DConsumers around the world are actively sabotaging business success every day by deliberately providing the wrong information when asked for personal details, scuppering organisations’ growth plans.

A new study by GBG, the leader in identity data intelligence solutions, shows consumers are fed up with being asked for their details, with two in three admitting to deliberately giving incorrect information because they believe the risks outweigh the benefits.  But while this puts the consumer in the controlling seat, the practice could have a real and damaging impact on the global economy.

According to the study, performance, service delivery and customer relationships will suffer if businesses aren’t dealing in accurate customer data. GBG is warning that a “trust meltdown” could have an impact on global prosperity as more and more businesses rely on a digital infrastructure for their growth plans.

The study showed:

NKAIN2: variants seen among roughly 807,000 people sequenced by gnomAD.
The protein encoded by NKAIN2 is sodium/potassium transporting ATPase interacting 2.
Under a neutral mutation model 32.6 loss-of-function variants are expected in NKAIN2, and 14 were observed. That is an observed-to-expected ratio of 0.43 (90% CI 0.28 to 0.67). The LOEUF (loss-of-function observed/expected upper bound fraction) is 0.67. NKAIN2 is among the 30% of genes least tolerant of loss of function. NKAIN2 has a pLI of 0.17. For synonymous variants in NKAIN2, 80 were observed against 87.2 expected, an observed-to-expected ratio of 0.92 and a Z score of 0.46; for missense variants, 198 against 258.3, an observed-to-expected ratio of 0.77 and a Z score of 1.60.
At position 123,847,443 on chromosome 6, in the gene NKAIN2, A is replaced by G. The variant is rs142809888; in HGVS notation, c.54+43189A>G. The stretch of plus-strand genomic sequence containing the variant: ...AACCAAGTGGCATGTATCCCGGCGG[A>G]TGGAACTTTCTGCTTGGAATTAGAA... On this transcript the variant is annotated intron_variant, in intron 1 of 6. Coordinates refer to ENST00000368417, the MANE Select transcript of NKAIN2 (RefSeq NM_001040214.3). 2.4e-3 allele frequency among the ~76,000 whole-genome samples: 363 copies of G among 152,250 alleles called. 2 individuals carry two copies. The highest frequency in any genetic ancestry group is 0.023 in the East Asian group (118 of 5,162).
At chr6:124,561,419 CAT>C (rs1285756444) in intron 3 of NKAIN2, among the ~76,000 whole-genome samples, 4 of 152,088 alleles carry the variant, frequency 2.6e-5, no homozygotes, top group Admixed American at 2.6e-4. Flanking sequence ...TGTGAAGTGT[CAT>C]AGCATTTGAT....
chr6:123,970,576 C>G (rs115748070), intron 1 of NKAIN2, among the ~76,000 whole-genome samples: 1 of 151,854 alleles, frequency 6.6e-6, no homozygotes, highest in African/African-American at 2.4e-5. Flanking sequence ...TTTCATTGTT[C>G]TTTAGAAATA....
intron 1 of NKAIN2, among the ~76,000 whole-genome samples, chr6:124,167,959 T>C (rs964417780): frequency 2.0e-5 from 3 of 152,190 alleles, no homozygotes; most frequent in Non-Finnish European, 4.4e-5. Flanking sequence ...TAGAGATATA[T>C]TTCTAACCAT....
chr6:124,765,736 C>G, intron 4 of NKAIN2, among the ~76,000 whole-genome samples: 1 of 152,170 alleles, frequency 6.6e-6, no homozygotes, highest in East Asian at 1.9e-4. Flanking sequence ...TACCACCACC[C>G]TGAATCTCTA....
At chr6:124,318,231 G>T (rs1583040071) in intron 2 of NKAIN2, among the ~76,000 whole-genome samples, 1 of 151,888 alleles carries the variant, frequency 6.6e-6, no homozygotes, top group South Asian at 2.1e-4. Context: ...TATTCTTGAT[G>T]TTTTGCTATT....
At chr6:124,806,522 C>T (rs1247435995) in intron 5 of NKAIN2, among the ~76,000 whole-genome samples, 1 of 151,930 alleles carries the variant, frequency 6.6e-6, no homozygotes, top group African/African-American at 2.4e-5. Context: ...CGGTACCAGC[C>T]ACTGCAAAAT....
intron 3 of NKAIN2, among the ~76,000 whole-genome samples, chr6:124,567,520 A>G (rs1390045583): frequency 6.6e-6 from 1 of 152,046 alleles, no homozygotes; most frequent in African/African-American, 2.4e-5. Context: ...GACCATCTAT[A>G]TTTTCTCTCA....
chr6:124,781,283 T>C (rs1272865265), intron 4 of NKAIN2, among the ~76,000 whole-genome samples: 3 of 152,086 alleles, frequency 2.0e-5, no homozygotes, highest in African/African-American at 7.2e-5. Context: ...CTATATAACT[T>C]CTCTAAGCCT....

• Germans are the most likely to give the wrong information (71%), Australians are the least (57%) while 62% of Brits admit to being deliberately misleading.
  • 18-24 year olds are the worst offenders – a staggering 81% admit to providing the wrong information when asked for personal information.
  • By contrast, the over 65s are the most honest – 59% say they don’t give the wrong info.
  • Phone numbers are the most give the wrong one when asked to provide their phone number yet only 10% think it’s of value to businesses.
  • Men (18%) are more likely to conceal their age than women (12%).
  • Just 10% believe they benefit from handing over personal information to a business.

GBG’s study also unveiled the motivations behind the deception. Three in four (73%) consumers believe the risks outweigh the benefits when handing over data with 73% concerned that they will receive unsolicited contact from businesses as a result and 83% worried the information will be sold on to another organisation without their knowledge. Two in three (67%) don’t think brands are open enough, with the overwhelming majority of people (94%) wanting to know how their data will be used before they share it.

Even businesses themselves admit they’re getting it wrong. Almost half (47%) admit to collecting data which is not used or useful.

GBG’s study is part of its new Trust Economy campaign, a movement that is calling for businesses around the world to become more open, transparent and responsible in the way they use customer data. To see the full results and hear views and opinion from industry experts, visit the campaign website: www.thetrusteconomy.com

Source:  gbgplc.com